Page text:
This exquisite pastel-colored, eye-popping example of hand-drawn animation is still very Japanese, aimed most specifically at children around the world -- but with a storytelling sophistication that adults will savor.
Five minutes into this magical film you'll be making lists of the individuals of every age you can expose to the very special mixture of fantasy and folklore, adventure and affection, that make up the enchanted vision of Japanese director Hayao Miyazaki.
You watch a Miyazaki film with the pie-eyed, gape-mouthed awe of a child being read the most fantastic story and suddenly transported to places previously beyond the limits of imagination. It's quite a trip.
When you see Ponyo -- and you must -- be prepared for a movie that doesn't abide by Hollywood rules. This is a tale for children (yes, of all ages) who are ready to be coaxed into another world through simple words and luscious pictures.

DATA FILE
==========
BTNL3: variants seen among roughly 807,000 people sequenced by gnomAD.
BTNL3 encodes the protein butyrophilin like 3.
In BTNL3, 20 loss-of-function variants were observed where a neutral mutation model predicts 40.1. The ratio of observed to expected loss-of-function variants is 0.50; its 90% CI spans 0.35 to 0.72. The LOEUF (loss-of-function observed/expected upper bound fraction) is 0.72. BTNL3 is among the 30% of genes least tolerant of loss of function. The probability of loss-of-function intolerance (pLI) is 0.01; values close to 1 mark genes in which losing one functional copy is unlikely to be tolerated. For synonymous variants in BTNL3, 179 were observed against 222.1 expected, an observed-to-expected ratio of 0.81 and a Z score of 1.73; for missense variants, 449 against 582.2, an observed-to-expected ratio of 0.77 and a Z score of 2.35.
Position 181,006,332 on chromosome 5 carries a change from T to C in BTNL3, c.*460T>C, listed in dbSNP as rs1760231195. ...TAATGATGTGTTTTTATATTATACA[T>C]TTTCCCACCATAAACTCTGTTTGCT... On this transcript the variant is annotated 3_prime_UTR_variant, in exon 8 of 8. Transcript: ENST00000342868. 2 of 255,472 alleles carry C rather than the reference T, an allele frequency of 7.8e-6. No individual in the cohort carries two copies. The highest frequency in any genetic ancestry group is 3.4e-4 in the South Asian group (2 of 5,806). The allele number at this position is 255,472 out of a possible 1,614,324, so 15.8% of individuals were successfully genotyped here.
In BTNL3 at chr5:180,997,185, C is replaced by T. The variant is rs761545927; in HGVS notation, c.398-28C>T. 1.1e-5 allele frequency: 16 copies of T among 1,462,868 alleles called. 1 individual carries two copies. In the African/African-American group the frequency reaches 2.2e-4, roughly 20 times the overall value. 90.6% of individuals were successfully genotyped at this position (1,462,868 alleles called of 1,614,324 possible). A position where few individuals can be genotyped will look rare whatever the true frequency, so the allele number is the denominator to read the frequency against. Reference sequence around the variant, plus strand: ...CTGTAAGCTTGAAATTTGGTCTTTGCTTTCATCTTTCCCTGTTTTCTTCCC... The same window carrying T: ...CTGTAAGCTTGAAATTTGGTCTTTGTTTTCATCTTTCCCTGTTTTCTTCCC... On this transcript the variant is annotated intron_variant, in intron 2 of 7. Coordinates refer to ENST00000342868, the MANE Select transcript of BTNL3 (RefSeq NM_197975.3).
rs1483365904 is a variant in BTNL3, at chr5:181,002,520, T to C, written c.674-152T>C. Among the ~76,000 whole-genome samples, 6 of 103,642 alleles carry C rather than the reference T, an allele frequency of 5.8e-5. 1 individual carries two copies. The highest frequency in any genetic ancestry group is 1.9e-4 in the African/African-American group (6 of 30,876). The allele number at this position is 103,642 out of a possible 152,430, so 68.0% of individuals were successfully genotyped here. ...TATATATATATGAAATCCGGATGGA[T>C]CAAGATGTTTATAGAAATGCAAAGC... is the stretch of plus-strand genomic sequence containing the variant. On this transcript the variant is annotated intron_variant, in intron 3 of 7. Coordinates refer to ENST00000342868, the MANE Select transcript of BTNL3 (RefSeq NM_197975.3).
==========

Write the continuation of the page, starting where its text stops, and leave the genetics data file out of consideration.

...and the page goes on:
It's a wonderful place that Miyazaki creates, an alternatively sweet and savage world that defies physics and common sense, as imaginative and impossible in its own way as Jules Verne's sci-fi fantasies or Maurice Sendak's animal kingdom.
If the plot of Ponyo is small as a minnow, its themes -- the relationship between parent and child, between the young and the elderly, between friends, between man and nature -- are large and fully realized.
Older kids and even adults are unlikely to get bored, thanks to the story's unforced sweetness, giddy highs, and stunningly beautiful visuals. Even in the unspoiled Devonian, real life never looked this good.
This poetic, visually breathtaking work by the greatest of all animators has such deep charm that adults and children will both be touched. It's wonderful and never even seems to try: It unfolds fantastically.
What held in the animator's previous films as eccentrically multifaceted dream logic comes off for once as a series of non sequiturs -- but really, why complain while sucking on an Everlasting Gobstopper of eye candy?